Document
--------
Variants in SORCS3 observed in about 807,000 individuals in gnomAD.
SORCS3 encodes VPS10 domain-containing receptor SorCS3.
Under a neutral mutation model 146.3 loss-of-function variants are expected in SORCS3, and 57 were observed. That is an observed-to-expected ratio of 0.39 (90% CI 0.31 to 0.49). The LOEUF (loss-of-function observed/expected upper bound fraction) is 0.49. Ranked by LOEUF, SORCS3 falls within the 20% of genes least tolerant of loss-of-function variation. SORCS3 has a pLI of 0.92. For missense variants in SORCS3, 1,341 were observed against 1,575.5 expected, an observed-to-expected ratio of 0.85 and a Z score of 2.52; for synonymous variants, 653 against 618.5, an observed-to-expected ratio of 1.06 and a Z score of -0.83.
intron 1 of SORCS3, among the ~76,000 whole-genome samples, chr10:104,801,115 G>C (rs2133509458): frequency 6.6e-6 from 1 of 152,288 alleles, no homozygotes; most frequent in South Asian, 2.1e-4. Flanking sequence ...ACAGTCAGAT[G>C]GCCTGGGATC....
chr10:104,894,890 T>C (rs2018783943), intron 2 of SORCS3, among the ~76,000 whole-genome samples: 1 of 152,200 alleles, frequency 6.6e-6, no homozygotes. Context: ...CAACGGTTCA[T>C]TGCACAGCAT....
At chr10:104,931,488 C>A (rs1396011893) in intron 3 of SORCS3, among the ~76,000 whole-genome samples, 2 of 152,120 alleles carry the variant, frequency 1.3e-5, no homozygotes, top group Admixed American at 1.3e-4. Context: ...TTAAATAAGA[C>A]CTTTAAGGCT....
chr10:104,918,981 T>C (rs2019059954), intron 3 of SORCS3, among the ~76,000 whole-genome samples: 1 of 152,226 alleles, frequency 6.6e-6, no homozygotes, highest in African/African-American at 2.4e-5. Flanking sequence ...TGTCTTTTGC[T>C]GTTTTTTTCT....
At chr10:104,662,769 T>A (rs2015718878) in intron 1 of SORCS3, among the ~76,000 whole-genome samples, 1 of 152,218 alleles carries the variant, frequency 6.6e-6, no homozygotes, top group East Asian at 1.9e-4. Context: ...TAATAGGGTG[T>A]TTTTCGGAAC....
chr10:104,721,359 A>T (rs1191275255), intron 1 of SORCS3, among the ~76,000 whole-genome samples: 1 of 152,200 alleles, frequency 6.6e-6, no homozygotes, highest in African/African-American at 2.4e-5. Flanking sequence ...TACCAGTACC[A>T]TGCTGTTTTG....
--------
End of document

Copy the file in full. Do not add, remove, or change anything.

Variants in SORCS3 observed in about 807,000 individuals in gnomAD.
SORCS3 encodes VPS10 domain-containing receptor SorCS3.
Under a neutral mutation model 146.3 loss-of-function variants are expected in SORCS3, and 57 were observed. That is an observed-to-expected ratio of 0.39 (90% CI 0.31 to 0.49). The LOEUF (loss-of-function observed/expected upper bound fraction) is 0.49. Ranked by LOEUF, SORCS3 falls within the 20% of genes least tolerant of loss-of-function variation. SORCS3 has a pLI of 0.92. For missense variants in SORCS3, 1,341 were observed against 1,575.5 expected, an observed-to-expected ratio of 0.85 and a Z score of 2.52; for synonymous variants, 653 against 618.5, an observed-to-expected ratio of 1.06 and a Z score of -0.83.
intron 1 of SORCS3, among the ~76,000 whole-genome samples, chr10:104,801,115 G>C (rs2133509458): frequency 6.6e-6 from 1 of 152,288 alleles, no homozygotes; most frequent in South Asian, 2.1e-4. Flanking sequence ...ACAGTCAGAT[G>C]GCCTGGGATC....
chr10:104,894,890 T>C (rs2018783943), intron 2 of SORCS3, among the ~76,000 whole-genome samples: 1 of 152,200 alleles, frequency 6.6e-6, no homozygotes. Context: ...CAACGGTTCA[T>C]TGCACAGCAT....
At chr10:104,931,488 C>A (rs1396011893) in intron 3 of SORCS3, among the ~76,000 whole-genome samples, 2 of 152,120 alleles carry the variant, frequency 1.3e-5, no homozygotes, top group Admixed American at 1.3e-4. Context: ...TTAAATAAGA[C>A]CTTTAAGGCT....
chr10:104,918,981 T>C (rs2019059954), intron 3 of SORCS3, among the ~76,000 whole-genome samples: 1 of 152,226 alleles, frequency 6.6e-6, no homozygotes, highest in African/African-American at 2.4e-5. Flanking sequence ...TGTCTTTTGC[T>C]GTTTTTTTCT....
At chr10:104,662,769 T>A (rs2015718878) in intron 1 of SORCS3, among the ~76,000 whole-genome samples, 1 of 152,218 alleles carries the variant, frequency 6.6e-6, no homozygotes, top group East Asian at 1.9e-4. Context: ...TAATAGGGTG[T>A]TTTTCGGAAC....
chr10:104,721,359 A>T (rs1191275255), intron 1 of SORCS3, among the ~76,000 whole-genome samples: 1 of 152,200 alleles, frequency 6.6e-6, no homozygotes, highest in African/African-American at 2.4e-5. Flanking sequence ...TACCAGTACC[A>T]TGCTGTTTTG....